2018 has been a year of change for New Zealand, as the new Labour-led coalition government found its feet and announced a series of shifts in public policy direction. Combined with a layer of global uncertainty and varying outlooks across the regions, 2019 may prove challenging, but there’s also solid opportunities for professional services consultants to shape and lead major transformational programmes in the built environment.
Our success as consultants is strongly influenced by our environment and is something we can influence by maintaining a deep understanding of our markets and then shaping our business response accordingly. This is always a combination of predicting future trends and reacting to events as they unfold.
Professional services consultants often find ourselves invited to give our opinions on what is happening in the built environment. This might be in a client meeting, at an industry function or even at a BBQ on the weekend.
Inspired by Hemingway's famous six-word tale, “For sale: baby shoes, never worn,” my six word story to describe what's happening at the moment in the New Zealand built environment is programmes evolving, businesses changing, people pivoting”
With the benefit of a few more words, here is my view on what is happening…
When looking at the overall picture of New Zealand in 2018, the dominant story was a new Labour-led coalition government which came to power unexpectedly and has unveiled a series of big spending infrastructure announcements to support economic activity.
Their major areas of focus include protecting New Zealand’s freshwater assets, improving the nation’s social infrastructure (including hospitals, schools, community centres, etc.), creating new affordable housing at scale through the ‘Kiwibuild’ program and accelerating infrastructure delivery across the country.
Despite the underlying strength of the domestic economy and the government posting the third consecutive budget surplus (NZ$5.5 billion for FY 201718), headwinds are on the horizon, not least global uncertainty driven by US-China trade tensions. This has impacted business confidence, which remains subdued. There’s also increased operational costs driven by the need for hiring more teachers and the evolution of immigration, including changes to migrant intake and Kiwis moving to Australia once again in noticeable numbers.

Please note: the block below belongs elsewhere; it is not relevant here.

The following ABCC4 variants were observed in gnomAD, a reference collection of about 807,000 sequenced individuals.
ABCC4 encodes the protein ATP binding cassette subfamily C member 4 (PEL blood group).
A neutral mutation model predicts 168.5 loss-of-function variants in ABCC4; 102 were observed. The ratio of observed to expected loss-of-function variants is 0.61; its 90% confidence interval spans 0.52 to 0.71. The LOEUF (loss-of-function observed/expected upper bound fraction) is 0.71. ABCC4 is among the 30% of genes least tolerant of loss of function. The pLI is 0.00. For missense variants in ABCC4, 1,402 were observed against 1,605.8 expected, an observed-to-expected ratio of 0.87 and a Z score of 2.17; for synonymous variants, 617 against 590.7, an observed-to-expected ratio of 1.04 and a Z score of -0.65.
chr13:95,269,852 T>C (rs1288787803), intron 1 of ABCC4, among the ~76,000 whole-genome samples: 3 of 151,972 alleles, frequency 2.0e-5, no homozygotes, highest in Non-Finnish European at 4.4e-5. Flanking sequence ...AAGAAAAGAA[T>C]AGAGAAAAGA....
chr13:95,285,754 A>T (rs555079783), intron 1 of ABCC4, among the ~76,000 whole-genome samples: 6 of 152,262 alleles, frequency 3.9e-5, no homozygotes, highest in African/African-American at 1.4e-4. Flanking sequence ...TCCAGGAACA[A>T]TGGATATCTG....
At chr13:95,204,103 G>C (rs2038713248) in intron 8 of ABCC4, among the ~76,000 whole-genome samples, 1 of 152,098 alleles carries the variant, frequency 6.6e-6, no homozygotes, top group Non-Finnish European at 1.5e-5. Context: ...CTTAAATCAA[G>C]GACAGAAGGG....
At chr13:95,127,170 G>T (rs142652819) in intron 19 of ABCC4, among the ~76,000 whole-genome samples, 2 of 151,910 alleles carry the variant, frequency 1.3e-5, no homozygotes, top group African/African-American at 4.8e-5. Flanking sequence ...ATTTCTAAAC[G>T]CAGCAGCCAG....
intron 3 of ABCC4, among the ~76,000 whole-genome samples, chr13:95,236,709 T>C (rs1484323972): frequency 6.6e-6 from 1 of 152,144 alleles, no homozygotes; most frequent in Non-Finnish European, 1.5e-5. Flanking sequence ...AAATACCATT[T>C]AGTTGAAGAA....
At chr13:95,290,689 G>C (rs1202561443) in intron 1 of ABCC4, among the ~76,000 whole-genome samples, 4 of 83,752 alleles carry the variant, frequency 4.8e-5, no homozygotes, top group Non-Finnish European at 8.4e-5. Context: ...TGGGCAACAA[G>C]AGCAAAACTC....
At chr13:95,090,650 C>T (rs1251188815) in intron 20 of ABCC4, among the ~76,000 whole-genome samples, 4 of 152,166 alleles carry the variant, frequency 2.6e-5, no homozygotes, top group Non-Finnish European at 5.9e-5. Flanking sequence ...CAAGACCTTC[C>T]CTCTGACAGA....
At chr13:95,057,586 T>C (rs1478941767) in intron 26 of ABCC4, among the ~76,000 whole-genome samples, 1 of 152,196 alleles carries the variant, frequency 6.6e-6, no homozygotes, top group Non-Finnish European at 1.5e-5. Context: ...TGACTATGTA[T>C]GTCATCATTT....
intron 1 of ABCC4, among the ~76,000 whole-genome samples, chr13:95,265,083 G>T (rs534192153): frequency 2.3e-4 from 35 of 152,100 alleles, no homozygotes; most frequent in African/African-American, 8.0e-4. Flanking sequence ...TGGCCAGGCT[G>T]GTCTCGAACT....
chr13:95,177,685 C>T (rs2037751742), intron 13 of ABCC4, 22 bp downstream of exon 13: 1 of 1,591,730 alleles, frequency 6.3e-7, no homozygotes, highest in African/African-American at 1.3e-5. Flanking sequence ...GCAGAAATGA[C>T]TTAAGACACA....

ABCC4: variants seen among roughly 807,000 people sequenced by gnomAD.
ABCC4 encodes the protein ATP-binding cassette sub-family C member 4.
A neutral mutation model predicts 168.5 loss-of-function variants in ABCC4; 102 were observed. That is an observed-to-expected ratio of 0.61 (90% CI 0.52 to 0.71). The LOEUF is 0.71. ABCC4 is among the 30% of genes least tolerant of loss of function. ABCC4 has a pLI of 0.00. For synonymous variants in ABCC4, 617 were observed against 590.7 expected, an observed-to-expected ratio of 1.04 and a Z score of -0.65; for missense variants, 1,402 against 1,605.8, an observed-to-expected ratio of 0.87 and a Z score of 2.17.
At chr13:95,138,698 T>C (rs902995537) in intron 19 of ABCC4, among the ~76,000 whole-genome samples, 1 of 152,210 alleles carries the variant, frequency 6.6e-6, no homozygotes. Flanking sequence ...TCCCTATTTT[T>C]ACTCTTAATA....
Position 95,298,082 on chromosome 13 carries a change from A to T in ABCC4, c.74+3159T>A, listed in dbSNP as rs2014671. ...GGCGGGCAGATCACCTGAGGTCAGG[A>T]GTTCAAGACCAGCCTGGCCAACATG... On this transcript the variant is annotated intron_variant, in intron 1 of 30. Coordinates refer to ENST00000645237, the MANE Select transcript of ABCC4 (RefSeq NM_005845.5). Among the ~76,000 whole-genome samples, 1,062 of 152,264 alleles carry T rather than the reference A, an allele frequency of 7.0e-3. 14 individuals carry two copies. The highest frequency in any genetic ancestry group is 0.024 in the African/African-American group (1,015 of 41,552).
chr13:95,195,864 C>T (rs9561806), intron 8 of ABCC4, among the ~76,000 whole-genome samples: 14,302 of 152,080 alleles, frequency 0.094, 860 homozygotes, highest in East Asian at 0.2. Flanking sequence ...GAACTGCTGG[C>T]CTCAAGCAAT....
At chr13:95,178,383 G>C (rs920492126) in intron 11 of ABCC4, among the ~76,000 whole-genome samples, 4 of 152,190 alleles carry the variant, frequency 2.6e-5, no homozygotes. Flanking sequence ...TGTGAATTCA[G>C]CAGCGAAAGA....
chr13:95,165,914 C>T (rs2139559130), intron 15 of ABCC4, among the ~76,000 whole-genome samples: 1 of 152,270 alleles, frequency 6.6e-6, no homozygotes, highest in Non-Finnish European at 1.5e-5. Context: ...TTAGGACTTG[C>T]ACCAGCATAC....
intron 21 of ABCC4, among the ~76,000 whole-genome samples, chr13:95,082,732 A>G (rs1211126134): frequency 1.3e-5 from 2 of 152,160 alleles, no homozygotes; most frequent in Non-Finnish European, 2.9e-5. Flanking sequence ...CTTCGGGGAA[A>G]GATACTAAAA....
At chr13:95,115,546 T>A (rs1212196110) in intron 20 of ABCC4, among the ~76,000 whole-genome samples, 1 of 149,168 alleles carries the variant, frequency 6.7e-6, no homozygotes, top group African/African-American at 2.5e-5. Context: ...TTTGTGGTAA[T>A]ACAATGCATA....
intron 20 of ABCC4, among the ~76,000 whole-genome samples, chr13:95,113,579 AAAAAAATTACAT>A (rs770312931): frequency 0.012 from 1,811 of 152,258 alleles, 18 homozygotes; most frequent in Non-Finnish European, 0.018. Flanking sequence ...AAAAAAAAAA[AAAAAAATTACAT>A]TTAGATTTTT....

Whilst government spending makes up less than half the overall economy, much of what they spend does act as a catalyst for the private sector.
Remember ‘Think Big’ in the 1980s? It was an interventionist National Government approach with a set of major infrastructure projects including an oil refinery, steel mills, railway expansion and dams. What’s different now is the much greater degree of connectivity.
For example, NZTA’s highway delivery agency now sees itself as an urban growth enabler. Roads are connections between communities and economic enablers. The Supporting Growth Programme in Auckland is identifying and protecting future corridors in partnership between the central government, Auckland Council, NZTA and Auckland Transport. What do we have? The biggest public-sector capital works spend since the 1980s, with the private sector wrapping around it.
What’s Happening Regionally?
Here’s a snapshot of what I see happening around our regions.
- Christchurch rebuild is largely complete and local population is slowly growing again.
- Queenstown and Wanaka experiencing exponential growth pressures, requiring strategic & delivery support. Infrastructure investment, particularly three waters, will be key to unlocking further housing development.